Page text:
Sanguine Productions also made an Oriental-themed anthropomorphic RPG called ''Jadeclaw''; the first edition was separate from Ironclaw but the second takes the form of a supplement called ''Book of Jade''.

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!!''Ironclaw'' Provides Examples of:
* AbusivePrecursors: Heavily implied to be the case with the Autarchs.
* AChildShallLeadThem: A few examples
** Don Constantin Rinaldi's father died of plague when he was a child, he almost died as well but his nurse had a religious experience and developed white magic, after she died curing the city he and his mother founded the Church of S'allumer.
** One of the Avoirdupois kings, Paien IV, was three years old when his great-grandfather died (after outliving his son and grandson), his uncle Childeberd was his first regent but his financial policies caused a massive rebellion and he was assassinated by one of his own guards. His second regent exascerbated the civil war by giving the rebel lords' titles and lands to loyalists. Paien IV later died just a few years after his official coronation.
** The current Bisclavret Duke, Mausein, was nine when he ascended four years ago, it remains to be seen whether his [[RegentForLife regent]] will step down when he comes of age.
* AllPartOfTheShow: In the adventure "The Wages of Envy" it's stated that any fighting the PC's do in an opera house will be taken by the wealthy, somewhat sheltered nobles in the audience as part of the show. Even the villain firing an [[http://en.wikipedia.org/wiki/Ribauldequin organ gun]] on stage will be seen as mere "opera grotesque."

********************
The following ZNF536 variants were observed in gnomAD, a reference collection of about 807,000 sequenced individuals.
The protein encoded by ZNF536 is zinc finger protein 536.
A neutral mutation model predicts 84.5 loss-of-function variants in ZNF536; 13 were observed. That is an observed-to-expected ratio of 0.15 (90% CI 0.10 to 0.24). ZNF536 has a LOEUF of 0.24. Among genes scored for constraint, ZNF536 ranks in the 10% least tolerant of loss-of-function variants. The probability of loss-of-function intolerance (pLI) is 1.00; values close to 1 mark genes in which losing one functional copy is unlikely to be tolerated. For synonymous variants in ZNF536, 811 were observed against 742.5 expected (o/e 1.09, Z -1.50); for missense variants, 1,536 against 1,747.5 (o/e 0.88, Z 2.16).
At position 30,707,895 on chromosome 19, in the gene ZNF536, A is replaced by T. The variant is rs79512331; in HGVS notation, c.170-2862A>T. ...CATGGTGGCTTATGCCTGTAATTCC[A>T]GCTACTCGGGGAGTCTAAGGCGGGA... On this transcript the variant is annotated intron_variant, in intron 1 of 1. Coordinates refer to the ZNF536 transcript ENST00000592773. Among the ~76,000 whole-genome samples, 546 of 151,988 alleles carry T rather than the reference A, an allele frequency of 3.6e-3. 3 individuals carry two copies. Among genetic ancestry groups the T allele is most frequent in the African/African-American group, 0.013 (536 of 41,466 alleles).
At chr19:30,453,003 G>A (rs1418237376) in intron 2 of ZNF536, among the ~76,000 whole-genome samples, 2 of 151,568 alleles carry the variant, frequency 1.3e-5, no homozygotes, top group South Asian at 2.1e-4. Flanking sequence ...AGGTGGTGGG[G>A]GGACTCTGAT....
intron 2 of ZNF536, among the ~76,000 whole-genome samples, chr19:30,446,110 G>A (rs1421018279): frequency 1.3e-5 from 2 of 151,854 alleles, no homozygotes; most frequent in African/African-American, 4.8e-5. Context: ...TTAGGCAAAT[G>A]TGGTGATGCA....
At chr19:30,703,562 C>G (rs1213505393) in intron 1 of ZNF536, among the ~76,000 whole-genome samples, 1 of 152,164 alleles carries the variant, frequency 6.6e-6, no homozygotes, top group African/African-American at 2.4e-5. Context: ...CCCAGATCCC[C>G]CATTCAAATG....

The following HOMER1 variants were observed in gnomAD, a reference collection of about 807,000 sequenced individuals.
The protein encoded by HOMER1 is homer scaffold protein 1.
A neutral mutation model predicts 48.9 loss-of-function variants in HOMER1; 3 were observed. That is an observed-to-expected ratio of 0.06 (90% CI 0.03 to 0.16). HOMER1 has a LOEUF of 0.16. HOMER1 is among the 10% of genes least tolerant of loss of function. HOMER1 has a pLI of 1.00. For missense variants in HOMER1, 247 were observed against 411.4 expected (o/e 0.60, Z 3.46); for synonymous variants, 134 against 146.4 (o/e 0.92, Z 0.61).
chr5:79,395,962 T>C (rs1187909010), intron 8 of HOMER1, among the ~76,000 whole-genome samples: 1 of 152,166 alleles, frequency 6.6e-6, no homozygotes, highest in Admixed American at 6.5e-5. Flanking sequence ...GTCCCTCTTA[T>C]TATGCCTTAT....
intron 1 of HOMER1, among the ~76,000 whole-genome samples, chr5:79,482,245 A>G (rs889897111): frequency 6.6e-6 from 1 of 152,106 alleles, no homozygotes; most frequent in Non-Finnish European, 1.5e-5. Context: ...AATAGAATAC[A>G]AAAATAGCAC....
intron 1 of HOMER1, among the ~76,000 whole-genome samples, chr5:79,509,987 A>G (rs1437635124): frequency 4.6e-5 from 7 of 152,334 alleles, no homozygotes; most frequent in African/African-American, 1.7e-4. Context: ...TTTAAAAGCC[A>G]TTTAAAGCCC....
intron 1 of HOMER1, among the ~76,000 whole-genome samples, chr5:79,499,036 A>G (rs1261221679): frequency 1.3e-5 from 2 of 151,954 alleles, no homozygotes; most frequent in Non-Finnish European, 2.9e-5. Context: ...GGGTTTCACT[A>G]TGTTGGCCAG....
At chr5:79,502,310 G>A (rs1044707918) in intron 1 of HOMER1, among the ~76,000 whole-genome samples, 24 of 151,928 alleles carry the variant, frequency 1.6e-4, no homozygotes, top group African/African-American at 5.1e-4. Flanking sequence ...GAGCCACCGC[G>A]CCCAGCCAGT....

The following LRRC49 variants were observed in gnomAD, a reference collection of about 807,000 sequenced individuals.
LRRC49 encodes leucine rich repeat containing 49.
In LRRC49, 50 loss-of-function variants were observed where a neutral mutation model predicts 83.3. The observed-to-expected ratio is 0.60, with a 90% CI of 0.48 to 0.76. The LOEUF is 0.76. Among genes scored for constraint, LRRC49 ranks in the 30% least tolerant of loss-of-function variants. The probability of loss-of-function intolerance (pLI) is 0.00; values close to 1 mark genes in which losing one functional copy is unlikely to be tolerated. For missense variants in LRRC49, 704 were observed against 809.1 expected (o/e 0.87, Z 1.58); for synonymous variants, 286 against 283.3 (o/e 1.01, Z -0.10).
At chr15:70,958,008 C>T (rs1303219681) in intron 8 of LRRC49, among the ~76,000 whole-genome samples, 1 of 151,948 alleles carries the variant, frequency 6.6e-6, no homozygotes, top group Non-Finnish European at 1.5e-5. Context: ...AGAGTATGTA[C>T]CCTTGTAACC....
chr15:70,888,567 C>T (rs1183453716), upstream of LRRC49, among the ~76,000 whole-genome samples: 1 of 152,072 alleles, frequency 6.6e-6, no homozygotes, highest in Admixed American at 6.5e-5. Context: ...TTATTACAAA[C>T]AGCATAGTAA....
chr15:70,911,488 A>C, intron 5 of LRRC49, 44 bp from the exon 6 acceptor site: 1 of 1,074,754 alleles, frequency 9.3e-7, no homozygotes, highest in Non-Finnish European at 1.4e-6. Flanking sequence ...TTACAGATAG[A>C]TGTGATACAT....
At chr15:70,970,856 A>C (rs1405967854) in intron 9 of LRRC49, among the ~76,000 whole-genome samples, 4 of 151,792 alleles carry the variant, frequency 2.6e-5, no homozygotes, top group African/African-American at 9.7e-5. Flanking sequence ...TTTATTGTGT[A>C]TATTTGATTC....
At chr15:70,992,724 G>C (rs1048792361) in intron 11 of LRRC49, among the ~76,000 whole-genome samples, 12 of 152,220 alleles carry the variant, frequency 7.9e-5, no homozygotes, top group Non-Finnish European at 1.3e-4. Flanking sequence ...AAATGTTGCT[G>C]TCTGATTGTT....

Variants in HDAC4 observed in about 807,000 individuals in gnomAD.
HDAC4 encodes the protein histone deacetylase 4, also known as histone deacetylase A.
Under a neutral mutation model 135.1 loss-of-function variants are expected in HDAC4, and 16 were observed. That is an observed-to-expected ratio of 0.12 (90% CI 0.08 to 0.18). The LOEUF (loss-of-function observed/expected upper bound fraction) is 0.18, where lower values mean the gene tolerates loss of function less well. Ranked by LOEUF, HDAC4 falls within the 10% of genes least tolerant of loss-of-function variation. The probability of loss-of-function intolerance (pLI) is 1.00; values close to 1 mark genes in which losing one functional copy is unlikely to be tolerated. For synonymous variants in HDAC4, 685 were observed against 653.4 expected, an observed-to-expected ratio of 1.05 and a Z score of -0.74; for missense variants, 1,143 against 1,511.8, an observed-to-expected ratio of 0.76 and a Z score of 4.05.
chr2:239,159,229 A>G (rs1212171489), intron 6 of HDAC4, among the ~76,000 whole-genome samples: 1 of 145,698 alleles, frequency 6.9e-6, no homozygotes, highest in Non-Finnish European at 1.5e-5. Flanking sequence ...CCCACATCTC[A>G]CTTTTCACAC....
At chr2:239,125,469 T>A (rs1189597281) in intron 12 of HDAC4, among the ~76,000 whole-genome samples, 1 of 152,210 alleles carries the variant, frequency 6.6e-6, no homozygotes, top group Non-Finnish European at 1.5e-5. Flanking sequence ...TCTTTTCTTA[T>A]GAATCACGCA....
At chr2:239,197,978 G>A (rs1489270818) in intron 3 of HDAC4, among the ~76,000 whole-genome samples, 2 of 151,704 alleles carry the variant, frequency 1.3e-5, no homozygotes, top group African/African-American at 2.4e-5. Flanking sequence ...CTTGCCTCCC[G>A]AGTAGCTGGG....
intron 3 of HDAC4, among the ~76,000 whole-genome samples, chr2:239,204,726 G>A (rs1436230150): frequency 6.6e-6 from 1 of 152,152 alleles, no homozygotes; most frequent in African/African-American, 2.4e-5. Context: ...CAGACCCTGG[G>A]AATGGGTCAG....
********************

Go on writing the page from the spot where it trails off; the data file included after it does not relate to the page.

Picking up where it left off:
* AnimalStereotypes: Each of the species detailed have their own quirks and stereotypes. Note that these are ''InUniverse'' examples of stereotypes, as well; the Species Descriptions are largely how the other species see ''each other''.
** Armadillos: Tough-skinned pacifists with a penchant for introspection.
** Badgers: Artisan homebodies. The most stable of the mustelids.
** Bats: As the only flying mammals, they suffer FantasticRacism, with some notable overtones of the UsefulNotes/{{Romani}}.
** Bears: [[FantasyCounterpartCulture Pagan seafarers and explorers]] slowly being assimilated into cosmopolitan life.
** Boars: Tough, relentless, and [[TheDeterminator determined]] to prove [[AnythingYouCanDoICanDoBetter how much better they are]].
** Bulls: Uncomplicated, steady, and hard-working [[TheBigGuy big guys]].
** Common Cats: Everymen and the most urban of felines.
** Cheetah: HotBlooded [[LightningBruiser lightning bruisers]].
** Coyote: [[TheDrifter Wanderers]] with a lot of knacks they've picked up along the way.
** Deer: Graceful [[AwesomenessByAnalysis to the point]] of appearing to have [[BornLucky miraculous luck]].
** Dholes: [[HumansAreAverage Not as ferocious as a wolf, nor as charismatic as a fox, not as clever as a coyote or as calculating as a jackal.]] Basically, what common cats are to the felines.
** Common Dogs: [[MasterOfNone Masters of none]] who differentiate themselves from other pack species by being [[RagtagBunchOfMisfits all-]][[TrueCompanions inclusive]].
** Donkeys: Patient, hard-working and unlucky. The species portrait shows one about to be hanged!
** Gray Foxes: [[RoyallyScrewedUp Blue-blooded]] [[DeadlyDecadentCourt aristocrats]] whose Noble House claims the title of [[AuthorityInNameOnly High King]].
** Red Foxes: An entire species of [[{{Keet}} keets]]!
** Goats: Self-sufficent independents with NoSocialSkills.
** Horses: A species fixated on [[ProudWarriorRaceGuy honor and chivalry]], with a history of sliding into KnightTemplar territory.
** Jackals: Ruthless canines with an [[ChronicBackstabbingDisorder unsavory reputation]].